Why Is Texas So Big?

Everything seems larger in Texas, especially the massive amount of land that makes it the second largest U.S. state by total area. But why is the Lone Star State so expansive compared to others? If you’re short on time, here’s a quick answer: Texas is so big mostly due to its history first as an independent republic, then through retaining control of its public lands during statehood negotiations.

This article will dive into the unique history behind Texas’ vast boundaries. We’ll highlight key events like the Texas Revolution, the Mexican-American War, negotiations around the Compromise of 1850, and Texas’ strong hold on public lands. You’ll also learn how Texas compares in size to other states and countries.

Texas as an Independent Republic

One of the main reasons why Texas is so big can be traced back to its history as an independent republic. Texas gained independence from Mexico in 1836, after a successful revolution led by the famous Battle of San Jacinto.

This victory allowed Texas to establish itself as a sovereign nation, with its own government, laws, and boundaries.

Revolting from Mexico

The decision to revolt from Mexico was driven by a variety of factors. Many Texans felt that the Mexican government was not respecting their rights and freedoms, leading to growing tensions between the two regions.

The Battle of the Alamo, where a small group of Texan defenders fought against a much larger Mexican army, became a symbol of resistance and fueled the desire for independence.

After the victory at the Battle of San Jacinto, Texas declared itself an independent republic and elected Sam Houston as its first president. This marked the beginning of a new era for Texas, as it embarked on a path towards self-governance and the establishment of its own unique identity.

Establishing Boundaries as a Republic

As an independent republic, Texas had to establish its own boundaries. Initially, the Republic of Texas claimed a vast territory that extended all the way to the Rio Grande in the west, encompassing parts of present-day New Mexico, Colorado, Kansas, and Oklahoma.

However, these boundaries were not recognized by Mexico, which still considered Texas as a rebellious province.

In 1845, Texas agreed to join the United States as a state, but this decision sparked a border dispute with Mexico. The Mexican-American War followed, resulting in the Treaty of Guadalupe Hidalgo in 1848.

Under this treaty, Mexico recognized the Rio Grande as the southern boundary of Texas, solidifying its size as we know it today.

It is worth noting that the size of Texas has also been influenced by subsequent land acquisitions, such as the Gadsden Purchase in 1853, which added even more land to the state’s already sizable territory.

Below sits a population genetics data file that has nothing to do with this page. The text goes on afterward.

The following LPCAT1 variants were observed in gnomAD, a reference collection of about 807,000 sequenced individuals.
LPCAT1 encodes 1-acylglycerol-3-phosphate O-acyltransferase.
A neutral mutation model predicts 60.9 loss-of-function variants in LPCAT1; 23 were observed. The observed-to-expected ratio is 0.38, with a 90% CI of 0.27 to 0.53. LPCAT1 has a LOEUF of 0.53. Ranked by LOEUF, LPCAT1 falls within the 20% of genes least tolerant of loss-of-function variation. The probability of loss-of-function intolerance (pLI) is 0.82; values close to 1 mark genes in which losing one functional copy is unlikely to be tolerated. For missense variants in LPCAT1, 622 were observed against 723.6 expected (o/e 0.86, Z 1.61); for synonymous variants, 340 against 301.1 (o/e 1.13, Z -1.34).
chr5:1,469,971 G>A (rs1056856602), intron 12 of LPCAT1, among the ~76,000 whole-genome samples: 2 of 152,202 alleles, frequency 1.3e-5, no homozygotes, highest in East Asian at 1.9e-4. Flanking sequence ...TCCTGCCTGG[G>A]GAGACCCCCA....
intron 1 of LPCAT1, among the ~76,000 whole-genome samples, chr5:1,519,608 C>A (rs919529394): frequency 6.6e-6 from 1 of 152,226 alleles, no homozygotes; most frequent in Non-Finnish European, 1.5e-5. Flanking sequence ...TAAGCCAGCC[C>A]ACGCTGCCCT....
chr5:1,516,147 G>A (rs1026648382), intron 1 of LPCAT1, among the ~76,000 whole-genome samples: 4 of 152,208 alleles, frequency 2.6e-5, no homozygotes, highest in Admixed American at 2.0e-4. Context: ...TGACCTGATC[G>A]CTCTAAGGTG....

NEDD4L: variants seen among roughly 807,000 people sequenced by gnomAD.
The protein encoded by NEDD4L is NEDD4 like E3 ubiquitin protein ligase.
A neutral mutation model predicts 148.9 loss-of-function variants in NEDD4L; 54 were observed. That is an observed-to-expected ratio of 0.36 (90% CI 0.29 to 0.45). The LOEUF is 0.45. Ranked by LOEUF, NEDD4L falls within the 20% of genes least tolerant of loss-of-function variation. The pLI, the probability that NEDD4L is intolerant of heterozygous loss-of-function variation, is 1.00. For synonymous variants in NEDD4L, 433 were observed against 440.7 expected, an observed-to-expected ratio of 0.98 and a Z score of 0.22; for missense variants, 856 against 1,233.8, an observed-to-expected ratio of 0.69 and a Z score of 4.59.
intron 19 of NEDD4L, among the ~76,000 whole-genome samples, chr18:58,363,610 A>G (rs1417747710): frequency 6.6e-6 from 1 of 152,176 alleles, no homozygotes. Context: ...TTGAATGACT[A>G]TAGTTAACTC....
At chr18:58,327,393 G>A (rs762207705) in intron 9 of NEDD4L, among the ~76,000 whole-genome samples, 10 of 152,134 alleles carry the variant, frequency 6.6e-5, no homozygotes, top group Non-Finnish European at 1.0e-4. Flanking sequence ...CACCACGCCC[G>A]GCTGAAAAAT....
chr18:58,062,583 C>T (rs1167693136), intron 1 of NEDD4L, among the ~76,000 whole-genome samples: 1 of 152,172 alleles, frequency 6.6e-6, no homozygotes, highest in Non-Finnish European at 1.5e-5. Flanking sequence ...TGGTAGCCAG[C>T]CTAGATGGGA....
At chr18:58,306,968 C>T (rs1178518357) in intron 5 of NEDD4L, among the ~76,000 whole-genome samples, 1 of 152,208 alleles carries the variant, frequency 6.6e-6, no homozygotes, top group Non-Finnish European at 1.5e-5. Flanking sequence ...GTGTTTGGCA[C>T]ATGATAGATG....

For more information on the history of Texas as an independent republic, you can visit https://www.tsl.texas.gov/treasures/republic/.

Texas Joins the United States

One of the key reasons why Texas is so big today is because it joined the United States. The process of Texas becoming a state involved several annexation agreements and a significant event known as the Compromise of 1850.

Annexation Agreements with U.S.

In the early 19th century, Texas was an independent republic after gaining independence from Mexico in 1836. However, Texas desired to become a part of the United States due to various reasons, including economic benefits, protection from neighboring conflicts, and the desire for self-governance within a larger nation.

In 1845, Texas signed an annexation agreement with the United States, which was then approved by the U.S. Congress. This agreement allowed Texas to become the 28th state of the United States on December 29, 1845.

As a result, Texas’ territory expanded significantly, contributing to its large size today.

The Compromise of 1850

The Compromise of 1850 played a vital role in shaping Texas’ borders and solidifying its size. This compromise was a series of legislative measures aimed at resolving the tensions between free and slave states in the United States.

As part of this compromise, Texas agreed to relinquish its claims to vast territories in present-day New Mexico, Colorado, Wyoming, Kansas, and Oklahoma. In return, the federal government assumed Texas’ public debt and provided financial compensation.

This compromise not only resolved border disputes but also allowed the United States to define Texas’ boundaries more clearly, contributing to its large size. It also paved the way for further westward expansion and the growth of other states.

For more information on the history of Texas’ annexation and the Compromise of 1850, you can visit the following reputable sources:

How Texas Retained Public Lands

One of the reasons why Texas is so big is because it has managed to retain a significant amount of public lands. These lands, which are owned and managed by the state government, have played a crucial role in shaping the size and geography of Texas.

Texas Claims Lands During Statehood

During the process of becoming a state, Texas claimed vast amounts of land, including areas that were previously part of Mexico. This land acquisition greatly contributed to the size of Texas. The state was able to retain these lands and incorporate them into its territory, leading to the expansion of its boundaries.